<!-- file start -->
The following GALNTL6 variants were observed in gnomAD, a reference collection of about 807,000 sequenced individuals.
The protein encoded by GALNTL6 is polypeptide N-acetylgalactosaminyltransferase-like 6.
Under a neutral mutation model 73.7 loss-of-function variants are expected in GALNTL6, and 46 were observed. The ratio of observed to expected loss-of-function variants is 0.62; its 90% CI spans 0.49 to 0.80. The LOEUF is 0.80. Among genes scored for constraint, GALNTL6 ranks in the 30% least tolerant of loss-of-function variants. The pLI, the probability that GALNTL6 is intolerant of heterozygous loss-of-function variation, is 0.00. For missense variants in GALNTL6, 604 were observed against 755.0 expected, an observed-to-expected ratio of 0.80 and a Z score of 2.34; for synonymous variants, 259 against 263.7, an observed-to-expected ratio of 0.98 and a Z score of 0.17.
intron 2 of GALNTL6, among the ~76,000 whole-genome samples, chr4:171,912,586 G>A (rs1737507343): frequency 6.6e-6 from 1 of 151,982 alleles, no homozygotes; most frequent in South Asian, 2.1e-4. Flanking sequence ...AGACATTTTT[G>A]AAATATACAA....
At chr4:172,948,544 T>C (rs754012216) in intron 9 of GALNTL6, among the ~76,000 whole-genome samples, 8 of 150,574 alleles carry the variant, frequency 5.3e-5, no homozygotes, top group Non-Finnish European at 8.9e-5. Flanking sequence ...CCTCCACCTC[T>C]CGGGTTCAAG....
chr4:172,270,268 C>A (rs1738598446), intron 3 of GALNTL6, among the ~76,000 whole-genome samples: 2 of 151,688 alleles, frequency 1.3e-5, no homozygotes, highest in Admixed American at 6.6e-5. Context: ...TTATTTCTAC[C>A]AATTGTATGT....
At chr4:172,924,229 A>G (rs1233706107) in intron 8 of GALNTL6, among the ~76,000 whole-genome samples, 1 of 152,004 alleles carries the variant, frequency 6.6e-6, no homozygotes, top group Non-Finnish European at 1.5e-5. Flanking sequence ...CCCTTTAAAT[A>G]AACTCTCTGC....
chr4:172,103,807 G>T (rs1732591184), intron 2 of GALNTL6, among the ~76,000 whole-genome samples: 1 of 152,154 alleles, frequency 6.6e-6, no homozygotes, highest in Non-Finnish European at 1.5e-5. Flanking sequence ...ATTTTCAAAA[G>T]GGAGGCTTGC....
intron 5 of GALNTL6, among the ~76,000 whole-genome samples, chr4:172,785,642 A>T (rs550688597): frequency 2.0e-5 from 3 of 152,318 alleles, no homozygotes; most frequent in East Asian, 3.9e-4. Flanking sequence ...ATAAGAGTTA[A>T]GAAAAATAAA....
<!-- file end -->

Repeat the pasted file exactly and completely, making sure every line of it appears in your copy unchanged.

The following GALNTL6 variants were observed in gnomAD, a reference collection of about 807,000 sequenced individuals.
The protein encoded by GALNTL6 is polypeptide N-acetylgalactosaminyltransferase-like 6.
Under a neutral mutation model 73.7 loss-of-function variants are expected in GALNTL6, and 46 were observed. The ratio of observed to expected loss-of-function variants is 0.62; its 90% CI spans 0.49 to 0.80. The LOEUF is 0.80. Among genes scored for constraint, GALNTL6 ranks in the 30% least tolerant of loss-of-function variants. The pLI, the probability that GALNTL6 is intolerant of heterozygous loss-of-function variation, is 0.00. For missense variants in GALNTL6, 604 were observed against 755.0 expected, an observed-to-expected ratio of 0.80 and a Z score of 2.34; for synonymous variants, 259 against 263.7, an observed-to-expected ratio of 0.98 and a Z score of 0.17.
intron 2 of GALNTL6, among the ~76,000 whole-genome samples, chr4:171,912,586 G>A (rs1737507343): frequency 6.6e-6 from 1 of 151,982 alleles, no homozygotes; most frequent in South Asian, 2.1e-4. Flanking sequence ...AGACATTTTT[G>A]AAATATACAA....
At chr4:172,948,544 T>C (rs754012216) in intron 9 of GALNTL6, among the ~76,000 whole-genome samples, 8 of 150,574 alleles carry the variant, frequency 5.3e-5, no homozygotes, top group Non-Finnish European at 8.9e-5. Flanking sequence ...CCTCCACCTC[T>C]CGGGTTCAAG....
chr4:172,270,268 C>A (rs1738598446), intron 3 of GALNTL6, among the ~76,000 whole-genome samples: 2 of 151,688 alleles, frequency 1.3e-5, no homozygotes, highest in Admixed American at 6.6e-5. Context: ...TTATTTCTAC[C>A]AATTGTATGT....
At chr4:172,924,229 A>G (rs1233706107) in intron 8 of GALNTL6, among the ~76,000 whole-genome samples, 1 of 152,004 alleles carries the variant, frequency 6.6e-6, no homozygotes, top group Non-Finnish European at 1.5e-5. Flanking sequence ...CCCTTTAAAT[A>G]AACTCTCTGC....
chr4:172,103,807 G>T (rs1732591184), intron 2 of GALNTL6, among the ~76,000 whole-genome samples: 1 of 152,154 alleles, frequency 6.6e-6, no homozygotes, highest in Non-Finnish European at 1.5e-5. Flanking sequence ...ATTTTCAAAA[G>T]GGAGGCTTGC....
intron 5 of GALNTL6, among the ~76,000 whole-genome samples, chr4:172,785,642 A>T (rs550688597): frequency 2.0e-5 from 3 of 152,318 alleles, no homozygotes; most frequent in East Asian, 3.9e-4. Flanking sequence ...ATAAGAGTTA[A>T]GAAAAATAAA....